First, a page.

The career track for judges and state legislators? We’re talking affluent suburbs, Harvard education, white collar jobs, cotillions and debutantes, social register, a few in diplomatic service, partner and corner office at the oldest law firms. Can I borrow some Grey Poupon?
Then there’s this Judge Larry Stirling guy.
San Bernardino Valley Community College outstanding male student! (Do they even have a polo team?) Worked as an electrician and retail clerk (Oh good, he can fix the flashing blue light at K-Mart). Diplomatic service commanding a 550-man rifle company in Korea (who pulled the strings for that?) after “graduate training” at Fort Benning, Georgia’s infantry school. (Oh.)
Who is this Larry Stirling guy, how did he come out of the Army and become, successively, city councilman, State Assemblyman, State Senator and now Municipal Court Judge, who wants to change the bureaucratic Courthouse culture.
“I grew up in San Bernardino,” says Judge Stirling, “which was then the armpit of California. I had no idea what was wrong in that gang-infested area until I saw the film ‘West Side Story,’ which laid out the economic conflict of the blacks, whites and browns, all looking for a toehold and economic opportunity.”
“We grew up on the wrong side of the tracks” Stirling adds, “and I thought the whole world was like that.” His mother was 15 when she gave birth to the future judge in a working class neighborhood. “Thank God they didn’t have state-paid abortions in those days.” His mother worked two jobs and supported her son, playing piano and working on the first generation of computers on an Air Force base.
His step-father, “one of the great men in the world,” adopted young Larry, teaching him the basics of his profession: electrician. Neither parent was interested in politics, but gave invaluable lessons in what makes life meaningful.
Other role models included a “great Scoutmaster” T.L. Mullins and an influential athletic coach, “Tiny” Bratton. Then Stirling met the local Congressman, a Democrat, named Ken Dyal. “I saw for the first time how people in public life could stand up for what was morally right.”
His education included San Bernardino Valley Community College, San Diego State and Western State College of Law, always working his way through with full-time jobs.
Judge Stirling’s brother was killed in Vietnam, but Larry enlisted in the Army, rising in three years from private to captain, commanding a Korean and American unit near the North Korean border.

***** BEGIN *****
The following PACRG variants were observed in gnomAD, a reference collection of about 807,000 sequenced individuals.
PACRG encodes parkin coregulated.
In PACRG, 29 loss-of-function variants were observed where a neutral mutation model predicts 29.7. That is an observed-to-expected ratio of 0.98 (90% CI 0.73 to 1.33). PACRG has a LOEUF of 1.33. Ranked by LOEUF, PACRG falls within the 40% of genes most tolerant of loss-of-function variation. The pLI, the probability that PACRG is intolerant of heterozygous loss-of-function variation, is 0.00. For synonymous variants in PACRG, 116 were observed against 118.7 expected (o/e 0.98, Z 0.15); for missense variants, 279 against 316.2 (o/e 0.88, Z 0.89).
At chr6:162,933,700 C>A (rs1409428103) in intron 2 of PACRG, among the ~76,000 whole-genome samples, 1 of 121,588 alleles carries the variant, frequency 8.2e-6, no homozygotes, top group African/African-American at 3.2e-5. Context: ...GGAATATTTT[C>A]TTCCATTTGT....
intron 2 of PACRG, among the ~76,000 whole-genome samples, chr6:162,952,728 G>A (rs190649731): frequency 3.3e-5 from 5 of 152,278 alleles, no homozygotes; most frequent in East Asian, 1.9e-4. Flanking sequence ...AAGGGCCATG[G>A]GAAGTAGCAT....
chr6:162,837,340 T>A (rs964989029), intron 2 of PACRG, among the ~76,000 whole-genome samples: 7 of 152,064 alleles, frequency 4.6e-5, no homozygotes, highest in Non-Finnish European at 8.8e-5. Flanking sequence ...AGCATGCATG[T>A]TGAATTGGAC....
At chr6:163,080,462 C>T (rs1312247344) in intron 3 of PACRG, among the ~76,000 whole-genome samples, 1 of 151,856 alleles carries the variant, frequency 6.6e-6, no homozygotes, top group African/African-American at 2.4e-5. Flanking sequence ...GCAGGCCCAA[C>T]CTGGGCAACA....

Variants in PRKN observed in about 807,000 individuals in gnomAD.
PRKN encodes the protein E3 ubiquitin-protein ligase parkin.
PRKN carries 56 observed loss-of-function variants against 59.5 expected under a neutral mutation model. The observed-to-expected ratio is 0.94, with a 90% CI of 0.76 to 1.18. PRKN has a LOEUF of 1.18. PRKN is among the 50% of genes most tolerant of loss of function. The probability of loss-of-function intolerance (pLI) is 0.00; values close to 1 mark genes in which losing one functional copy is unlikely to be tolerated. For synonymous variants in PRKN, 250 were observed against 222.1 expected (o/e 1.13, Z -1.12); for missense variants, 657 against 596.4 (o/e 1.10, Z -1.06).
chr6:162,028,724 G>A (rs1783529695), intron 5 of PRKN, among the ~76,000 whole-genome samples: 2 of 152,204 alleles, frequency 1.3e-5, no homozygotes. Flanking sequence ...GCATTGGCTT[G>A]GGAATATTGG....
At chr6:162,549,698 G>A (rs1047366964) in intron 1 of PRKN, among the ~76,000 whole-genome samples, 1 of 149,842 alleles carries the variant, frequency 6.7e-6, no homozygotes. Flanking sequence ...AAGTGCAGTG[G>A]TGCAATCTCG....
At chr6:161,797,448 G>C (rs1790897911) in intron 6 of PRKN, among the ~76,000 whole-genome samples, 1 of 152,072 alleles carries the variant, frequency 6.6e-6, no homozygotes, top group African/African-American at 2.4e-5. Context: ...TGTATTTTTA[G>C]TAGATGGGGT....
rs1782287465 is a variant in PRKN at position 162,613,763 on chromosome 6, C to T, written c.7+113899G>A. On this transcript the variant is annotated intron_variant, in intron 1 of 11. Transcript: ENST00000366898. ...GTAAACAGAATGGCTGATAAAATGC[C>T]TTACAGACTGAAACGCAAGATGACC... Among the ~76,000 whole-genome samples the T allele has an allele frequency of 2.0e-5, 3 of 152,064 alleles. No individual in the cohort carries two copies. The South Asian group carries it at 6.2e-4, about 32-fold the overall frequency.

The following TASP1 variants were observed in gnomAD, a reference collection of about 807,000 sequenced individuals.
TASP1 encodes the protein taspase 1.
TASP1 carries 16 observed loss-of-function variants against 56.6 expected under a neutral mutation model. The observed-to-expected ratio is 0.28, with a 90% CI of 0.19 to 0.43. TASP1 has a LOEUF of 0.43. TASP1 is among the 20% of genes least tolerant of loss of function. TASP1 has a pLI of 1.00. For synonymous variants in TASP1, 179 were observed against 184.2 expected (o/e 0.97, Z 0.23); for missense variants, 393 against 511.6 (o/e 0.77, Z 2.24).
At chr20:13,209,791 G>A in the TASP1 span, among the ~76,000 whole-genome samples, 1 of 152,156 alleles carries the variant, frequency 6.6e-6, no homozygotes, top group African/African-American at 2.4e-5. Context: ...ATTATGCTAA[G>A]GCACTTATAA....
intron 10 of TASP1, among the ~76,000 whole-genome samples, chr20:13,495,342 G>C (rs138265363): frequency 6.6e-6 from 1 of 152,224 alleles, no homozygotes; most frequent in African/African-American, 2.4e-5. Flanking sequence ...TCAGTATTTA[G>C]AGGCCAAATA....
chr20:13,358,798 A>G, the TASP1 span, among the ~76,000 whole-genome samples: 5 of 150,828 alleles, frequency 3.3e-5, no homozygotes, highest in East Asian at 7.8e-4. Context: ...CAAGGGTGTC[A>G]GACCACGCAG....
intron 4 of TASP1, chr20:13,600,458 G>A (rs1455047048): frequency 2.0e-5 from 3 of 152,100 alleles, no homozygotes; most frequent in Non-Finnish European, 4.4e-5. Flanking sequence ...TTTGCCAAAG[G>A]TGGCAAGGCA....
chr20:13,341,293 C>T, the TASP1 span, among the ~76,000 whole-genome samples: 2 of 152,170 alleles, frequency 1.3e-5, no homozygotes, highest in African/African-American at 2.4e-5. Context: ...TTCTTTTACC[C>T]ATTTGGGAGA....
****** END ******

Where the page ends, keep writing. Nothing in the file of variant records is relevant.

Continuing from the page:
Stirling dreamed of being a city manager on his return to civilian life, but his energy and creativity attracted the attention of political leaders like Mayor Pete Wilson and San Diego’s legendary “Mr. Conservative” Councilman Lee Hubbard. “Hubbard called me aside one day and challenged me. He said someone with my talents should be an elected official. The next thing I knew he put my name in his newsletter as a City Council candidate and reporters were putting microphones in my face.” Stirling faced two better-known opponents, but he was the only candidate in the race to publicly oppose a legalized nude beach at Black’s Beach in La Jolla. That beach was the subject of an emotional referendum campaign that year (1977) and Stirling’s principled stand propelled him into the citywide runoff.
Stirling credits equally-legendary Christian leader Kathleen Bremner with organizing grassroots support for him. “I know she has been ill lately, and she deserves all of our prayers.”
Stirling quit his job and risked his life’s savings to run against a much better-known opponent whose liberal beliefs perfectly contrasted with this own values. “There wasn’t a doubt in my or my family’s mind I was going to win. It was magic. I met so many great people.” He was right, Larry Stirling was elected by a margin of 66,885 to 66,313. “They called me “Landslide Larry.’
In 1980, Stirling was elected to the State Assembly representing El Cajon, La Mesa and the Navajo/San Carlos/Tierrasanta/Clairemont neighborhoods of San Diego. In 1988, he moved on to the state Senate and in 1989 was named Municipal Court Judge by Gov. George Deukmejian.
Stirling is most proud of his role in making San Diego city and county the first in the nation with a 911 emergency phone system. He helped start the project as a civilian analyst in the police department and saw it through later as a city councilman. “911 has saved thousands of lives, and captured many criminals over the years, and San Diego showed the nation that it could and would work.”
Should believers get involved in politics? “You make a difference if you do,” Stirling says to those who share his commitment to Biblical ideals. “There’s no ‘jury of angels’ watching over your school district, your city or legislature. Unless you take a hand, it will go wrong, and that’s why God gave us hands, a brain and a heart. There’s no choice, you can’t sit off to the side and watch the country go bankrupt or get into wars we shouldn’t be in. If you run, you can fix those things.”
Larry Stirling lives in the Navajo-Del Cerro community with his wife Linda, a vice-president at Merrill Lynch. His daughter Shenandoah and son Jason are the “second and third Stirlings ever to go to college.” He attends Horizon Christian Fellowship.
From Korea to the G.I. Bill, from San Bernardino to the State Capitol, Larry Stirling’s drive and beliefs have made him a respected leader, reformer and innovator. He seems sure to keep surprising the Grey Poupon crowd for years to come.
Where will the next Larry Stirling come from? He, she or you may be reading this story right now!
James Sills, Jr., a native San Diegan, is a political and research consultant with clients in California, Arizona and Washington. He was chief aide to County Supervisor Paul Fordem and City Councilman Bruce Henderson.